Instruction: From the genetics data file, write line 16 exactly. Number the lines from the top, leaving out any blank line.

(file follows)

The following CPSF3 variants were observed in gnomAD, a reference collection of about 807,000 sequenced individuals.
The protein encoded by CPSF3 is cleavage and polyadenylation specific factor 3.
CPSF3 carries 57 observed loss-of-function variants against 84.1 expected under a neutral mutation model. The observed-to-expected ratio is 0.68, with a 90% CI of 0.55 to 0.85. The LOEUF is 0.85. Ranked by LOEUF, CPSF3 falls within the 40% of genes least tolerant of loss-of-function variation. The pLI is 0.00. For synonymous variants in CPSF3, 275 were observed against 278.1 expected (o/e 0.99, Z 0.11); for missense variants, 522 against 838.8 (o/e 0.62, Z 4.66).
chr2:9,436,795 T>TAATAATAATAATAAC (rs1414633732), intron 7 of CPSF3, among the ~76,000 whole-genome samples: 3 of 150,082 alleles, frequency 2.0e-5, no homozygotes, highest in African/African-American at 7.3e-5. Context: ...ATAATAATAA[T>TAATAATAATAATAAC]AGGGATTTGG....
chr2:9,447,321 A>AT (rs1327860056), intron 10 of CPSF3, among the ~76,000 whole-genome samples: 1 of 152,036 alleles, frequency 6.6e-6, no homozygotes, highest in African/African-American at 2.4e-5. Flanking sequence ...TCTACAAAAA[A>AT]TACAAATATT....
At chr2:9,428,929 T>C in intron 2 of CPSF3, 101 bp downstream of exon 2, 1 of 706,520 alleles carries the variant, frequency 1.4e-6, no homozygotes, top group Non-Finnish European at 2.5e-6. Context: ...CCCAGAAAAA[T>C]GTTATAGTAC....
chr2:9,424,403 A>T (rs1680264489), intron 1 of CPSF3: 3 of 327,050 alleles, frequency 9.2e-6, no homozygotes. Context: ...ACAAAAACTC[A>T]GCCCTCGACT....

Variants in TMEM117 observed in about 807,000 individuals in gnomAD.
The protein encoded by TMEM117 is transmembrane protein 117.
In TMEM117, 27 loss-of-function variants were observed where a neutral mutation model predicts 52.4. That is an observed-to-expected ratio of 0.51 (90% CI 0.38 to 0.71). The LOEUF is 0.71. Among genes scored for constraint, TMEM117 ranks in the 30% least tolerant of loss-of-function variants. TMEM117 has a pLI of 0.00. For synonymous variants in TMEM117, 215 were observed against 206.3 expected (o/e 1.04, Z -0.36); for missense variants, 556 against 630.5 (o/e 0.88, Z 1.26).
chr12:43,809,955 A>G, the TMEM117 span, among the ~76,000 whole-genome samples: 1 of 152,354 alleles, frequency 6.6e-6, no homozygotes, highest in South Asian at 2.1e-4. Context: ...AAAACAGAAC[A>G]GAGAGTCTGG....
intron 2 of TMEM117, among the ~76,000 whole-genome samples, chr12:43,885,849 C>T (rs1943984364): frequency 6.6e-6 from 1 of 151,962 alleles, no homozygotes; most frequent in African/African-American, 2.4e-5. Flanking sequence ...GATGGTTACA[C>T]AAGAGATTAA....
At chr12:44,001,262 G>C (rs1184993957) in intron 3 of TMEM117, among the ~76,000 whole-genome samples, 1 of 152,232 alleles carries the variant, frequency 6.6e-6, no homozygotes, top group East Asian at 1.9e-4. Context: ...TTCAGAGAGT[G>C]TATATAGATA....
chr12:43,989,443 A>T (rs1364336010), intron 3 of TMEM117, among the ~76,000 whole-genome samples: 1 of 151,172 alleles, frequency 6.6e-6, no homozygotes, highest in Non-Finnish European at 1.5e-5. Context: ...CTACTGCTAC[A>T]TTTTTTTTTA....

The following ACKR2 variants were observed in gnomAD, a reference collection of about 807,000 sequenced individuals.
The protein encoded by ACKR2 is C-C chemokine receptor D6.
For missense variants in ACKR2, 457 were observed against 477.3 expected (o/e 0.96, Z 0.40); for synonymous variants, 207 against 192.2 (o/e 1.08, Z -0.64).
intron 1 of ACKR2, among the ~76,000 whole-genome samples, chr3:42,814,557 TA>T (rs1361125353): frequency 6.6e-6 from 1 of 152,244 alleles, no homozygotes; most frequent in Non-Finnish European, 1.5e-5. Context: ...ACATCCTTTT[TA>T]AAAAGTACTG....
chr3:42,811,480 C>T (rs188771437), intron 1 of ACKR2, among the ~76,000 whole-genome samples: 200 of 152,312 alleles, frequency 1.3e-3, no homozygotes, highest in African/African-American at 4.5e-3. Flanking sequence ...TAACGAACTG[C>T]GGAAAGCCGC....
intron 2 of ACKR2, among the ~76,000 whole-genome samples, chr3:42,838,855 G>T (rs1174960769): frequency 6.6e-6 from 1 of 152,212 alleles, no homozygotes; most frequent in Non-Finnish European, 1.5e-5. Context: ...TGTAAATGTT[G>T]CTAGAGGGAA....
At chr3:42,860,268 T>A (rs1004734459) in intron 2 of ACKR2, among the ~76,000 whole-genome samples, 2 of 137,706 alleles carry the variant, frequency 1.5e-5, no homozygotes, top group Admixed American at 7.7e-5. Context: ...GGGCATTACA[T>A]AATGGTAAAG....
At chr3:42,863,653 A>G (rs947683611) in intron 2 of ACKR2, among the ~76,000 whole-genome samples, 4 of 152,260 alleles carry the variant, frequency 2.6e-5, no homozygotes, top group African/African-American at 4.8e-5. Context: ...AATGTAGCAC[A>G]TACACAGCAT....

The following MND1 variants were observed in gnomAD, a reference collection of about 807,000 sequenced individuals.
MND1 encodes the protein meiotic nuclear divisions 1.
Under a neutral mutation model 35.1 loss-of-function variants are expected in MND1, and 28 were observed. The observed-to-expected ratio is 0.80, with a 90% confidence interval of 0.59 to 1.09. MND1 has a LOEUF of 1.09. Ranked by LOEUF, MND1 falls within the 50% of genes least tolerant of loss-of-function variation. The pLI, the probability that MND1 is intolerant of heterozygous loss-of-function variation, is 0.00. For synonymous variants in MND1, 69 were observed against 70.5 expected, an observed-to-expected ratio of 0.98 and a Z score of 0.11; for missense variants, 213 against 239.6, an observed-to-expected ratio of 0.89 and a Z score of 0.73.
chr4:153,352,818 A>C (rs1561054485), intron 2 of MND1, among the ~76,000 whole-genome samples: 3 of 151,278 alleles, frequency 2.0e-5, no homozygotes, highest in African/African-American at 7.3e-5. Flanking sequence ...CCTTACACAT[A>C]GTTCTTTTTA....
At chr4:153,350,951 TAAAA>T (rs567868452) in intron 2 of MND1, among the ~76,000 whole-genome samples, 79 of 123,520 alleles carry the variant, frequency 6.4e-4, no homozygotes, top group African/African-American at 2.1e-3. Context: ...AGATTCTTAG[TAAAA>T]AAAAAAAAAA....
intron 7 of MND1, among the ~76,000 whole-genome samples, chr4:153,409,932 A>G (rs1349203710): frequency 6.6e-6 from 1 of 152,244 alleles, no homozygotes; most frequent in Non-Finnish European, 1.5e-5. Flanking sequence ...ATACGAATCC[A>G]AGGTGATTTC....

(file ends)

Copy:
The protein encoded by ACKR2 is C-C chemokine receptor D6.